In fourth grade, I never told anyone
I thought I was pregnant
with the Holy Spirit’s baby,
another boy whose life would be
hard and short and heroic
because what little I had learned of history
was that men were the saviors,
the exception being Joan of Arc
who trusted the voices in her head
and was killed. After dinner every night,
my family watched a war on live TV,
the video-game red of scud missiles
scoring a black sky
an incomprehensible distance away.
Years later, I worked with a man
who had fought in that war
but didn’t speak of it.
Once, in the break room, as he
slipped coins into a vending machine,
I saw his shadow rise
and enter him.
Elizabeth Onusko's "Incarnate" can be read in the print edition of The Arkansas International 3.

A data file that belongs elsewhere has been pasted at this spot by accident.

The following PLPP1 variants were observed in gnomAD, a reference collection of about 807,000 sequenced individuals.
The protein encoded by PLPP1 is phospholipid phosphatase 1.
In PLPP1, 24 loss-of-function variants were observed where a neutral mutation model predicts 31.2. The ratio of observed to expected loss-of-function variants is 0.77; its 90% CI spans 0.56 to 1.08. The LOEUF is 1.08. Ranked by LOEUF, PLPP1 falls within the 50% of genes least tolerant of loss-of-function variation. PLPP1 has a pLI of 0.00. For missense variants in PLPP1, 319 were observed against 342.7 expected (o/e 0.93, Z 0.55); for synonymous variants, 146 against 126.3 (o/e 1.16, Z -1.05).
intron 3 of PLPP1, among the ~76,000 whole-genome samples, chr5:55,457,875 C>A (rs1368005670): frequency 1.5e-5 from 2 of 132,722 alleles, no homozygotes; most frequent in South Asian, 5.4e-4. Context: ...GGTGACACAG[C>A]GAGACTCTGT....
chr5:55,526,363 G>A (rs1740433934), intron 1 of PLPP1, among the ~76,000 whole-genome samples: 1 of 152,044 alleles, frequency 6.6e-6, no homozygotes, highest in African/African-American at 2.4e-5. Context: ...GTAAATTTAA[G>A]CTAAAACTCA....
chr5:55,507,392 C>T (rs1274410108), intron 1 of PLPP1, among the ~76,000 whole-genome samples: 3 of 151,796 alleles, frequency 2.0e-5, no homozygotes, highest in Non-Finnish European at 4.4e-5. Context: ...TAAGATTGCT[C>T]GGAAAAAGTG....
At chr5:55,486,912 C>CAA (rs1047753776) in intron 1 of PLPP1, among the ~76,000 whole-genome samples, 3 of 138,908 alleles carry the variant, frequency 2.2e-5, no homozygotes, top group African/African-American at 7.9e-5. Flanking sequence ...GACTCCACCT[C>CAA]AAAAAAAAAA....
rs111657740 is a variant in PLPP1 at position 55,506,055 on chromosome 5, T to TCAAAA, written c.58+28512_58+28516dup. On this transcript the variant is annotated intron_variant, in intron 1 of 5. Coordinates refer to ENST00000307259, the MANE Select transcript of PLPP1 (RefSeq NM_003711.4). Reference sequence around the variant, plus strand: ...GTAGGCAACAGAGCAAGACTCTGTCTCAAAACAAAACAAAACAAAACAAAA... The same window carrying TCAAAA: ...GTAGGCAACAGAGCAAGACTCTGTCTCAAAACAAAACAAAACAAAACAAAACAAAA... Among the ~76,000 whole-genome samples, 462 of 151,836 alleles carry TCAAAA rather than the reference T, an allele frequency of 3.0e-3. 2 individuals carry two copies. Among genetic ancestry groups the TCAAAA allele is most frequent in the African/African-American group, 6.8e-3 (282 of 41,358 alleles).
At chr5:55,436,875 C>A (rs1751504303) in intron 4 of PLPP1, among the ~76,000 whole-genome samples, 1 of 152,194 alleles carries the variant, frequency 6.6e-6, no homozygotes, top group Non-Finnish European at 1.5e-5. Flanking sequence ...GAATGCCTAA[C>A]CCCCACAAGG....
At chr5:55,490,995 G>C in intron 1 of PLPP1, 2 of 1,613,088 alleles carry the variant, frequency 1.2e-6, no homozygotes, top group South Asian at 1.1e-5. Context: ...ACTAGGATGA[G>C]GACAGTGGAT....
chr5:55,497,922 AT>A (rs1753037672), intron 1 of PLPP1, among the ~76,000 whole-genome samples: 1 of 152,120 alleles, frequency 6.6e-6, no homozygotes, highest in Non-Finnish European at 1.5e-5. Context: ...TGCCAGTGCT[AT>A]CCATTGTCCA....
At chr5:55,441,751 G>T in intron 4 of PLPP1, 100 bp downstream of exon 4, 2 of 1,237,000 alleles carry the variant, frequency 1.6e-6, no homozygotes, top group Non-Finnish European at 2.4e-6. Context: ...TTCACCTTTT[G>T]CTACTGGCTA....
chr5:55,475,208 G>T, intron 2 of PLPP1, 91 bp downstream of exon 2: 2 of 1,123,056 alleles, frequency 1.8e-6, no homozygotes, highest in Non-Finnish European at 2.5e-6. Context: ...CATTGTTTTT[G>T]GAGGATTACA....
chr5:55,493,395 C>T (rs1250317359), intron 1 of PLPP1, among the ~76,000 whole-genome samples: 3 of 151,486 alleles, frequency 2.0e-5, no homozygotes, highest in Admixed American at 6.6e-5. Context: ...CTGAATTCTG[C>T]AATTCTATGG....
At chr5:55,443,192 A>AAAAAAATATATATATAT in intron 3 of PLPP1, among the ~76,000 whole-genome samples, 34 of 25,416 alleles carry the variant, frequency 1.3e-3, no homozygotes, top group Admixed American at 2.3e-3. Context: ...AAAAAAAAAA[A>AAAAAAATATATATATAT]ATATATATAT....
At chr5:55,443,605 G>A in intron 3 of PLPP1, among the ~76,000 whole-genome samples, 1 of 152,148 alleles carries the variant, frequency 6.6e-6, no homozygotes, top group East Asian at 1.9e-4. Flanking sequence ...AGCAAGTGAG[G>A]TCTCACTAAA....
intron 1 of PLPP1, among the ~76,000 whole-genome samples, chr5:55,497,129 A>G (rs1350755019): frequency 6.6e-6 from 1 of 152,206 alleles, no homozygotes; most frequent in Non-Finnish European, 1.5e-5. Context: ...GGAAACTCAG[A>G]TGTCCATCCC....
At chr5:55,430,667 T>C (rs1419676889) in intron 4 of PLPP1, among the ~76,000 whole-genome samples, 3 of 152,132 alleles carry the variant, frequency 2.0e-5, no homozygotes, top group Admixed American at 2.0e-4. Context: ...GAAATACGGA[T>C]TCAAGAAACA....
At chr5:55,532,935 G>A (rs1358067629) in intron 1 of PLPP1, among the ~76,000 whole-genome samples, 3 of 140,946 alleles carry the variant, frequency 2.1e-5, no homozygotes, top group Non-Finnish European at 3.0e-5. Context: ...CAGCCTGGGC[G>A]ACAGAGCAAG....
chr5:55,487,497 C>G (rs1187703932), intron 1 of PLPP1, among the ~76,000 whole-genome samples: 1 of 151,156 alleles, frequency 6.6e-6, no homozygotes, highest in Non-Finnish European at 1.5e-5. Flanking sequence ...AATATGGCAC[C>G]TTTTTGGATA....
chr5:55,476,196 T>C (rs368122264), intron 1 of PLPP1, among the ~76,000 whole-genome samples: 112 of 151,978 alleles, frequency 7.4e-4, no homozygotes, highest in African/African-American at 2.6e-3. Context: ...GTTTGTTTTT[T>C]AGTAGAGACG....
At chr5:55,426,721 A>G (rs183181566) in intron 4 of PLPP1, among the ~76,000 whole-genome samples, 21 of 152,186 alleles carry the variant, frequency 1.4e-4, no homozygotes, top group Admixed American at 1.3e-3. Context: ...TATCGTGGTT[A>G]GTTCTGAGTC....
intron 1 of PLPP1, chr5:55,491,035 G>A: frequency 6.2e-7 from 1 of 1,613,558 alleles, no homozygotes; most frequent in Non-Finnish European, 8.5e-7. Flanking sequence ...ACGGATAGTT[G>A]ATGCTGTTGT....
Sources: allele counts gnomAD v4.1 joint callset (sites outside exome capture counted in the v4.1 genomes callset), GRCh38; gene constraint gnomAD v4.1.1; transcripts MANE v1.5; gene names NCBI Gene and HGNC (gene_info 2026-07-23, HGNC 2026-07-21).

Elizabeth Onusko is the author of Portrait of the Future with Trapdoor (Red Paint Hill, 2016). Her work has appeared or is forthcoming in Witness, Best New Poets 2015, Bennington Review, Fugue, Poetry Northwest, and Southern Humanities Review, among others. She is the editor of Foundry and assistant editor of inter|rupture. Her website is elizabethonusko.com.